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There’s an old Mafia trope. Usually a mob boss looks all-powerful, like nothing can stop him and no one can stand up to him. Until he takes things a step too far, and The Commission, AKA the Board of Directors, the other families, whatever, they decide he’s done. And then he gets whacked. A new story from the Financial Times heavily implies that former Renault-Nissan-Mitsubishi Alliance megaboss Carlos Ghosn took things a step too far, and then Nissan’s board decided Ghosn had to go.

No, Ghosn hasn’t been murdered, and is still very much alive, as far as we know. But Ghosn did get arrested for a vague list of financial crimes, among them underreported income and the old standby of “misuse of corporate assets,” right as he was apparently planning something big, something that would’ve made the Nissan board say “non t’allargare,” the Financial Times reports:

Carlos Ghosn had been planning a merger between Renault and Nissan before his arrest in Tokyo this week, a deal that the Japanese carmaker’s board opposed and was looking for ways to block.

Several Nissan board members expected a bid to materialise in the coming months, according to one person close to the board. Another source said that a merger was likely to happen “within months”, and a third said it was under active consideration.

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Yes, according to this, Ghosn wanted a proper merger between the French and Japanese automaking giants.

I talked about this a bit in today’s Morning Shift, but the Renault-Nissan-Mitsubishi Alliance has been inherently weird from the get-go. Nissan wasn’t doing too hot in the late 1990s, so it looked for support from the much smaller Renault, and a deal was made that both companies couldn’t refuse. It wouldn’t be a real merger, but in exchange for a heavy cash injection from Renault (and by extension the French government, which owns part of Renault) Nissan would pay a heavy price.

Renault would take 36.8 percent of the voting shares of Nissan, and Renault’s CEO, a man named Carlos Ghosn, would also become Nissan’s CEO. When Nissan was financially able, it would seal the deal not in blood but in money, taking a stake in Renault.

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But this being the sort of deal that comes when a person is desperate for money, it was heavily lopsided. Even when Nissan did finally come up with the cash, it was only able to buy a 15 percent non-voting stake in Renault. You can see how this might eventually become a problem, seeing as how Nissan is about 60 percent bigger than Renault by sales. But Renault, the relative pipsqueak in this deal, was in charge.

The deal may have been necessary to save Nissan at the time, but it wasn’t the sort of deal that Nissan’s board was particularly jazzed about. They couldn’t really do anything about it, though, except to hope for the best. Hope that Nissan could remain independent.

But since Renault’s CEO was now Nissan’s CEO, and then later the Chairman of both companies, there was nothing Nissan could really do about it. And while Ghosn grew Nissan into the even larger company it is today, there was apparently one line he wasn’t supposed to cross.

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No matter what, Nissan’s board did not want Ghosn to fully merge the two companies. Which is what he allegedly tried to do in the past few months. Again, from the FT:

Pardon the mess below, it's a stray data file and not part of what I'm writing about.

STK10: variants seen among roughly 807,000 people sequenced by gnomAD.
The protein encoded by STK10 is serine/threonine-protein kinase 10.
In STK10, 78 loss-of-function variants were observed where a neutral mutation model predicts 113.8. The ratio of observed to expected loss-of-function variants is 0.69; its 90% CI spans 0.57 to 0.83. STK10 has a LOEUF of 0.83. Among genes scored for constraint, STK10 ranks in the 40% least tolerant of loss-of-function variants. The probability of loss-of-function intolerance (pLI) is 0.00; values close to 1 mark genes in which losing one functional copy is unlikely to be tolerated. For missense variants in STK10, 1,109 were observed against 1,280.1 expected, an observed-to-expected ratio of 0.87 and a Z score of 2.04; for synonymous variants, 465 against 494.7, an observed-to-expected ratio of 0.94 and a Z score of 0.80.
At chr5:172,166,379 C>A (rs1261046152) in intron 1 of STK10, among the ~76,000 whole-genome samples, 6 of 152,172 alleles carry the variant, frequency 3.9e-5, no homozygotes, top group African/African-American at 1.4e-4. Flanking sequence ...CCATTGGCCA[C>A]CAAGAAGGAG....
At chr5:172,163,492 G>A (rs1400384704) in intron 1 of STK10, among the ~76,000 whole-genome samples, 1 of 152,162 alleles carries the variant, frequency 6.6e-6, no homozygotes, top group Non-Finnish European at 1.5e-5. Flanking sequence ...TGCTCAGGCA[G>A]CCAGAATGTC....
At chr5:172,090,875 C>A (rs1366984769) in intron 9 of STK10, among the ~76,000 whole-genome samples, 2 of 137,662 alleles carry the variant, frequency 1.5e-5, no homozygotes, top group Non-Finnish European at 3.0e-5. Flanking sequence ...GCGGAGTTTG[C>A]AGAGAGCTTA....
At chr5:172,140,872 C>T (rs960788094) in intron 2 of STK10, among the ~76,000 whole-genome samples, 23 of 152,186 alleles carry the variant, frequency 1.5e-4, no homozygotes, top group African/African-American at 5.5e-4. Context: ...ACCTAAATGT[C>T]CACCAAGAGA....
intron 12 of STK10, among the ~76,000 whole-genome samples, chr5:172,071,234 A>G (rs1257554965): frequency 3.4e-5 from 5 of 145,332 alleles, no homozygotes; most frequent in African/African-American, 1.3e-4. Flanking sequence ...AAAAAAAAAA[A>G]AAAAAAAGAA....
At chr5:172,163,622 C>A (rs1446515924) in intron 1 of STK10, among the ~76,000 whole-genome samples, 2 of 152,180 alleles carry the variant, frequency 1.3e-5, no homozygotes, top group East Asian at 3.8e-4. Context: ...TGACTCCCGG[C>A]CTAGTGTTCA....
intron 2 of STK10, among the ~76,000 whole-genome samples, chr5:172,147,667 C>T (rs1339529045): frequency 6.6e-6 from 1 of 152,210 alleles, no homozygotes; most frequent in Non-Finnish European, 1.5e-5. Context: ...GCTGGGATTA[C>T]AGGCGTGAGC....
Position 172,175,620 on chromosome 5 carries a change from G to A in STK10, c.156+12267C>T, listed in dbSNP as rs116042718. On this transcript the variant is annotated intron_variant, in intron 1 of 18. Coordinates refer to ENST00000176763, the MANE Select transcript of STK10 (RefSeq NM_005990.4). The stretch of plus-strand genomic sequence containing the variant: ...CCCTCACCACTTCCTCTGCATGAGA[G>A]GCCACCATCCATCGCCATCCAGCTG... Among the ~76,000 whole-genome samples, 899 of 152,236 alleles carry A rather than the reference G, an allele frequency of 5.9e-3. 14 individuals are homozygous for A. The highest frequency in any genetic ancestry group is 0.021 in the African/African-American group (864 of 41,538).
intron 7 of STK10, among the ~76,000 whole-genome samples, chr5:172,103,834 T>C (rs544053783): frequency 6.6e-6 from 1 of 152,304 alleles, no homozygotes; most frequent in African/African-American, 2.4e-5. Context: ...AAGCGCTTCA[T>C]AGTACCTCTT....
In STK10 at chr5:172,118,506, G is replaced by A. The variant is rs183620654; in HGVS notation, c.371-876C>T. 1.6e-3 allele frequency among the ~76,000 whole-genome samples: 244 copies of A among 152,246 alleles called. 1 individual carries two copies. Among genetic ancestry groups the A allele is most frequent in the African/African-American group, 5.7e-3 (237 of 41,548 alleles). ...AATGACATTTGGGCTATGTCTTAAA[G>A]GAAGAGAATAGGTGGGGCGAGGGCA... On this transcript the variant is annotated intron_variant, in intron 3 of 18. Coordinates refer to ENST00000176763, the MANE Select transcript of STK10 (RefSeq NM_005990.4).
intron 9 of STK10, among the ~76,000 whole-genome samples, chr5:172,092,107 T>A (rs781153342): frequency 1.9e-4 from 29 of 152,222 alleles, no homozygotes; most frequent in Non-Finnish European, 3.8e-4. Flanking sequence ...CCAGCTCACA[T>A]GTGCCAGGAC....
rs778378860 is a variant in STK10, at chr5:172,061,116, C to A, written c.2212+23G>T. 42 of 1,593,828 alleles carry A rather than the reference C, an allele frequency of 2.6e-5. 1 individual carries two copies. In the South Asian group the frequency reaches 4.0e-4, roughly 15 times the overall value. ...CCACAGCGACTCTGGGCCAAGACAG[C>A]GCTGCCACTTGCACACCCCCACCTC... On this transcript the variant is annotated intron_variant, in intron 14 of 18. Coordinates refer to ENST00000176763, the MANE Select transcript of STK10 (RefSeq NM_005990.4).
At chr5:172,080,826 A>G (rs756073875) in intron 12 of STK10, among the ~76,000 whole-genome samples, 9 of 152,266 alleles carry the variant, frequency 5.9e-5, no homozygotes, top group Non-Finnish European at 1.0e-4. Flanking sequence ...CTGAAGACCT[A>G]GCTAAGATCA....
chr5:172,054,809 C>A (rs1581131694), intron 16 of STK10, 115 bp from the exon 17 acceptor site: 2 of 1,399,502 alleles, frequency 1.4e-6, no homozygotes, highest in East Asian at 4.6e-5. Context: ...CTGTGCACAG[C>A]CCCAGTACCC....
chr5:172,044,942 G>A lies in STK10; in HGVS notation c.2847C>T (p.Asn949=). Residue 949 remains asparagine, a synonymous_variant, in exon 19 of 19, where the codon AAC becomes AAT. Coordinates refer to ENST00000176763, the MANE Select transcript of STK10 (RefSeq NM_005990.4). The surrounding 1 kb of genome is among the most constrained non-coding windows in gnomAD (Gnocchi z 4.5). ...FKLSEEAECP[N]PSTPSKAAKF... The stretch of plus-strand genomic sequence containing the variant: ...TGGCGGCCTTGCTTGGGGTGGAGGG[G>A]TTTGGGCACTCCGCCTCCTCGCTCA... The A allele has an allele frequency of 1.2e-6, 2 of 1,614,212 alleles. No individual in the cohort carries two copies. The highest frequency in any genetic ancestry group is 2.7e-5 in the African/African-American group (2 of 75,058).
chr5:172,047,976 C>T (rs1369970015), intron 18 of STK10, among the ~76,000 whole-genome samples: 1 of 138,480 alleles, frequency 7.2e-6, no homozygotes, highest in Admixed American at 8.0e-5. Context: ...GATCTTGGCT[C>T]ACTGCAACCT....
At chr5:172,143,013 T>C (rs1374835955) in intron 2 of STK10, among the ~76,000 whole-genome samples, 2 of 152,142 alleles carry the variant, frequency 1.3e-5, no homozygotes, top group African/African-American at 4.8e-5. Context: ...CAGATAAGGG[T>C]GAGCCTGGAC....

Mr Ghosn was the driving force behind the merger plans, which met with fierce resistance from Nissan’s board, according to people familiar with the deliberations. Renault’s 43 per cent stake in Nissan gives it unusual levels of control, with the ability to appoint senior executives. Nissan’s 15 per cent stake in Renault comes with no voting rights and gives the business no control over its French counterpart.

“The board [of Nissan] always said they would fight very hard against any reorganisation that entrenched that second-tier status,” said one person close to the board.

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Citing an internal whistleblower’s report over Ghosn allegedly underreporting his income, Nissan fired Ghosn, and Ghosn was then arrested and charged by Japanese prosecutors who were apparently working closely with Nissan.

Japanese authorities knew where Ghosn would be and when, and when he arrived right on schedule, they moved in, the Asahi Shimbun reports:

Investigators had carefully planned a multi-front assault on Ghosn on Nov. 19.

One team of investigators was waiting at Haneda Airport in Tokyo for the corporate jet carrying Ghosn to land. They had learned beforehand that the jet was scheduled to arrive between 4 p.m. and 5 p.m.

Investigators also received approval from airport officials to approach the plane on the tarmac soon after it landed. That allowed investigators to board the corporate jet and to question Ghosn within minutes after it landed.

After the plane arrived at 4:35 p.m., a white van parked next to the plane ramp.

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Now, I am not saying that Nissan’s board was so spooked at the prospect of Nissan being forced to finally merge with the much-smaller Renault, giving the much-smaller Renault ultimate control over the Japanese giant, that they were able to find some financial misdeeds to be able to report to Japanese prosecutors, ultimately getting the architect of that plan arrested, and giving Nissan’s board an excuse to finally be rid of Ghosn—all because Ghosn had gone a step too far.

It’s just funny how coincidental all this timing is, isn’t it?